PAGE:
Indigenous groups in Ecuador defy curfew to protest fuel hike
Indigenous groups are keeping up protests in most of Ecuador’s provinces to demand a reduction of fuel prices and economic reforms.
Indigenous groups in Ecuador have defied a state of emergency imposed in three provinces as they continue to protest against the government’s economic policies amid rising inflation and unemployment.
Demonstrators demanding cheaper fuel and food price controls blocked roads on Saturday, in a sixth day of sometimes violent demonstrations.
Police said Indigenous people kept up protests in most of the country’s 24 provinces, including Imbabura, Cotopaxi, and Pichincha, where President Guillermo Lasso declared a state of emergency late on Friday.
Ecuador has been hit by rising inflation, unemployment and poverty exacerbated by the coronavirus pandemic. Fuel prices have risen sharply since 2020, almost doubling for diesel from $1 to $1.90 per gallon and rising from $1.75 to $2.55 for petrol.
The anti-government protest launched by the country’s Indigenous community – which numbers more than a million of Ecuador’s 17.7 million inhabitants – was joined by students, workers and other groups.
Clashes with security forces have left at least 83 people injured, and 40 have been arrested.
In a bid to ease the anger, Lasso announced late on Friday a small increase in a monthly subsidy paid to Ecuador’s poorest, as well as a programme to ease the debt of those who have loans from state-run banks.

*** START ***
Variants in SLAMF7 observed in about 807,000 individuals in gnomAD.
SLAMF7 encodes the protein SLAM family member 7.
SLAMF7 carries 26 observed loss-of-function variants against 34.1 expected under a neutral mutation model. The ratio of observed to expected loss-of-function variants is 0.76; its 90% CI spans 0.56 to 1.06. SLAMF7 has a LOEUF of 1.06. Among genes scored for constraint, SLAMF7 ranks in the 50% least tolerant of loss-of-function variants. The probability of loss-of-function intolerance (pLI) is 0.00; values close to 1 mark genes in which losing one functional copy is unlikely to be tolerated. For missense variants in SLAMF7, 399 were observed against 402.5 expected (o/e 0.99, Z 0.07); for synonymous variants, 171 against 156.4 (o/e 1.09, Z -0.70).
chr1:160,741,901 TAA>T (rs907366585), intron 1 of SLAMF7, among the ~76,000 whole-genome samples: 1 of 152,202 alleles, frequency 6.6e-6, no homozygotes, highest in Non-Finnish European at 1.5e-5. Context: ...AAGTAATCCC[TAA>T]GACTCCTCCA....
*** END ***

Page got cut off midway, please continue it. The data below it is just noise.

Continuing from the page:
But the moves failed to end the demonstrations. “I called for dialogue and the response was more violence. There is no intention to seek solutions,” the president said on television.
State of emergency
The state of emergency empowers him to mobilise the armed forces to maintain order, suspend civil rights and declare curfews.
The measure will last for 30 days in Imbabura, Cotopaxi, and Pichincha – areas that include the capital Quito – which have seen greater violence.
Indigenous activists on Saturday urged national lawmakers to step in to end the state of emergency, which they are constitutionally entitled to do.
The powerful Confederation of Indigenous Nationalities of Ecuador (Conaie) has been credited with helping topple three Ecuadoran presidents between 1997 and 2005.
It said it will maintain the road blockades until the government meets 10 demands, including the reduction of prices to $1.50 for diesel and $2.10 for petrol, a demand the government has so far rejected.
Its other demands include food price controls and renegotiating the personal bank loans of about four million families.